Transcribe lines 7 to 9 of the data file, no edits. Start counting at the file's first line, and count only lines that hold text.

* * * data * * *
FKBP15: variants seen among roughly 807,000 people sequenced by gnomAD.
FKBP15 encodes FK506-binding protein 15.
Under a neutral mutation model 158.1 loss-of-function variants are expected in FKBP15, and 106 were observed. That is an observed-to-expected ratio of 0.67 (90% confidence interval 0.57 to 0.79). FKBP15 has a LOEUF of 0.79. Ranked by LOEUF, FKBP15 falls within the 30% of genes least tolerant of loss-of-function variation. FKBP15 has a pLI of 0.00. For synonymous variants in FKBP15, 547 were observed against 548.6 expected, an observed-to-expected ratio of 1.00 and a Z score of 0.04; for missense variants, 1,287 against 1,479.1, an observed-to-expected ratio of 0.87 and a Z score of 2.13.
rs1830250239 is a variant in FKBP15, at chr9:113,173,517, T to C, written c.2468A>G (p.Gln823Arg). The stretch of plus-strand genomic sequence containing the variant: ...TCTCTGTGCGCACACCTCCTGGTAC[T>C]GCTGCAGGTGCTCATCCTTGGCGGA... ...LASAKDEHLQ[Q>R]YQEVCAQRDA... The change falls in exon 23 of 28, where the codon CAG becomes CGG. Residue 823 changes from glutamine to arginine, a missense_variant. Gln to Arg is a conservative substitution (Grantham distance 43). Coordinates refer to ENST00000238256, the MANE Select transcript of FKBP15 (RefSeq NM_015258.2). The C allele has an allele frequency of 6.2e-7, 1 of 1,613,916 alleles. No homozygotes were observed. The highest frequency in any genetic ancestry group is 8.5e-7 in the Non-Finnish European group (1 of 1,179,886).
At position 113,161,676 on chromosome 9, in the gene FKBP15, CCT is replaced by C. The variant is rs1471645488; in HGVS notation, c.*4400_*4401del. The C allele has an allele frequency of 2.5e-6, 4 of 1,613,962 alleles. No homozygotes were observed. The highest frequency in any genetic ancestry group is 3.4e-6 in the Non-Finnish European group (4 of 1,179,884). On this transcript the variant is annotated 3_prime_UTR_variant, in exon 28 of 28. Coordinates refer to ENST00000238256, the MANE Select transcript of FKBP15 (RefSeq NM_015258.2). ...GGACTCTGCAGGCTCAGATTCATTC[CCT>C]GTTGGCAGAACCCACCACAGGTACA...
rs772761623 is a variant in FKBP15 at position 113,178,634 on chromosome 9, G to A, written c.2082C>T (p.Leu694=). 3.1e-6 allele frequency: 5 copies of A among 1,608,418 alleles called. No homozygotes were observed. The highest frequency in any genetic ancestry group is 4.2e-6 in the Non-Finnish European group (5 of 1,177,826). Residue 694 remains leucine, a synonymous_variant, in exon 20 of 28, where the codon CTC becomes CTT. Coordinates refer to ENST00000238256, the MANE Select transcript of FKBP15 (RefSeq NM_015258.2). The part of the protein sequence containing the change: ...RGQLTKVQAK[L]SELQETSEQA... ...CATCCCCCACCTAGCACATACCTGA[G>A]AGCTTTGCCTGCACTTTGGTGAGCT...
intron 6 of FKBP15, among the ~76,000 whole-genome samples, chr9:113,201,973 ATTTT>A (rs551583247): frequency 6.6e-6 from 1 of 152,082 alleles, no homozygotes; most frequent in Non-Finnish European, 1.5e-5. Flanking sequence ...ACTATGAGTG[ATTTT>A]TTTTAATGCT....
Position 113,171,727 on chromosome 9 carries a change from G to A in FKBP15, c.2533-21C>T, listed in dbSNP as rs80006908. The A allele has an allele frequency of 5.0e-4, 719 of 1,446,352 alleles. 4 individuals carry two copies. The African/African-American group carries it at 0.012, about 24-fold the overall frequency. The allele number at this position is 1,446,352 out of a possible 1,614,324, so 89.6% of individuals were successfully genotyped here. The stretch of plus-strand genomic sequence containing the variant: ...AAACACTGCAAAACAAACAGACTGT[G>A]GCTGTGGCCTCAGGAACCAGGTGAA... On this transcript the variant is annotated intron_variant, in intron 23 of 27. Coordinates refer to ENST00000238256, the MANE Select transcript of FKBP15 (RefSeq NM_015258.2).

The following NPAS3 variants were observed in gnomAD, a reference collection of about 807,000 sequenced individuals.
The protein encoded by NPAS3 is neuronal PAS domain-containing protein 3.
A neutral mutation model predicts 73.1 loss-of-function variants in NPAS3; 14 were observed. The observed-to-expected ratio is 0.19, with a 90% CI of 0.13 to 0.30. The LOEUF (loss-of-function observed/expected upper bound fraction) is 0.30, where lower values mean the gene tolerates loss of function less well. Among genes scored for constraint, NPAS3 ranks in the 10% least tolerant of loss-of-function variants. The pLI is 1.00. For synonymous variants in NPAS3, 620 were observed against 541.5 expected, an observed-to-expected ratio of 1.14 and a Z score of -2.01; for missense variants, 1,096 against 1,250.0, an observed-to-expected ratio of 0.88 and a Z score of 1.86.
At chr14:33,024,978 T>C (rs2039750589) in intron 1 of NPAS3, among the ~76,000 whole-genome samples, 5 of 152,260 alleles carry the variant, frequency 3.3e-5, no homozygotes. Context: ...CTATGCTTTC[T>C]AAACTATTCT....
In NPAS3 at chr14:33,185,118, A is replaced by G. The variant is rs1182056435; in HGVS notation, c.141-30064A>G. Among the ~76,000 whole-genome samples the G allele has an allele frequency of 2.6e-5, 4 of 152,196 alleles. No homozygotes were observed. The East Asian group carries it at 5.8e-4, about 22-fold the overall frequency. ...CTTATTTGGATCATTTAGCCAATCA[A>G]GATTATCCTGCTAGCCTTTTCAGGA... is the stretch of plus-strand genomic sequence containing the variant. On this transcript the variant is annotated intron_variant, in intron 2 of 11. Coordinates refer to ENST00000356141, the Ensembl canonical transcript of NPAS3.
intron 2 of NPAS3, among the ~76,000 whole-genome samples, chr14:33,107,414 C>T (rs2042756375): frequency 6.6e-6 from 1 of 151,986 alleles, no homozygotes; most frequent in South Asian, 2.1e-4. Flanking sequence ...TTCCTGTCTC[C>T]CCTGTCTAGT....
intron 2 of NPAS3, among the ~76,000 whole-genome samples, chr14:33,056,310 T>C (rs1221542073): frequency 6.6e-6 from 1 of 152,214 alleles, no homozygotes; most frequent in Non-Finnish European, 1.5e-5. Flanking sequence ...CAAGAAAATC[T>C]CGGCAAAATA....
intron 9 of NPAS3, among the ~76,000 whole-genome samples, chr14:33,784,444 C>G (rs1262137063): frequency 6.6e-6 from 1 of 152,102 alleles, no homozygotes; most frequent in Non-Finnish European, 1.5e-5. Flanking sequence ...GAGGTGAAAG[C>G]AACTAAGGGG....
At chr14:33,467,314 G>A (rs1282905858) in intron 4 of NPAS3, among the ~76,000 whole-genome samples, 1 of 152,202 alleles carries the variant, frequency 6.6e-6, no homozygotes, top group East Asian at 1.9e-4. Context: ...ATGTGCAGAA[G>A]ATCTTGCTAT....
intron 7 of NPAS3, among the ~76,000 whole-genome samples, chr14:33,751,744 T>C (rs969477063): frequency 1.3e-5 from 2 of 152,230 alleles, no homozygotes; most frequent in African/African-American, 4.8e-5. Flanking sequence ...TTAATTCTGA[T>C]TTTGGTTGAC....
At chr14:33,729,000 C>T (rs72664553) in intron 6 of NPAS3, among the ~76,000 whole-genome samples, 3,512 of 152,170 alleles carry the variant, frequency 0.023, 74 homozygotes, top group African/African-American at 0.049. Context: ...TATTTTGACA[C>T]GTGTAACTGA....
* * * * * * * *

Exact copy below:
intron 6 of FKBP15, among the ~76,000 whole-genome samples, chr9:113,201,973 ATTTT>A (rs551583247): frequency 6.6e-6 from 1 of 152,082 alleles, no homozygotes; most frequent in Non-Finnish European, 1.5e-5. Flanking sequence ...ACTATGAGTG[ATTTT>A]TTTTAATGCT....
Position 113,171,727 on chromosome 9 carries a change from G to A in FKBP15, c.2533-21C>T, listed in dbSNP as rs80006908. The A allele has an allele frequency of 5.0e-4, 719 of 1,446,352 alleles. 4 individuals carry two copies. The African/African-American group carries it at 0.012, about 24-fold the overall frequency. The allele number at this position is 1,446,352 out of a possible 1,614,324, so 89.6% of individuals were successfully genotyped here. The stretch of plus-strand genomic sequence containing the variant: ...AAACACTGCAAAACAAACAGACTGT[G>A]GCTGTGGCCTCAGGAACCAGGTGAA... On this transcript the variant is annotated intron_variant, in intron 23 of 27. Coordinates refer to ENST00000238256, the MANE Select transcript of FKBP15 (RefSeq NM_015258.2).

The following NPAS3 variants were observed in gnomAD, a reference collection of about 807,000 sequenced individuals.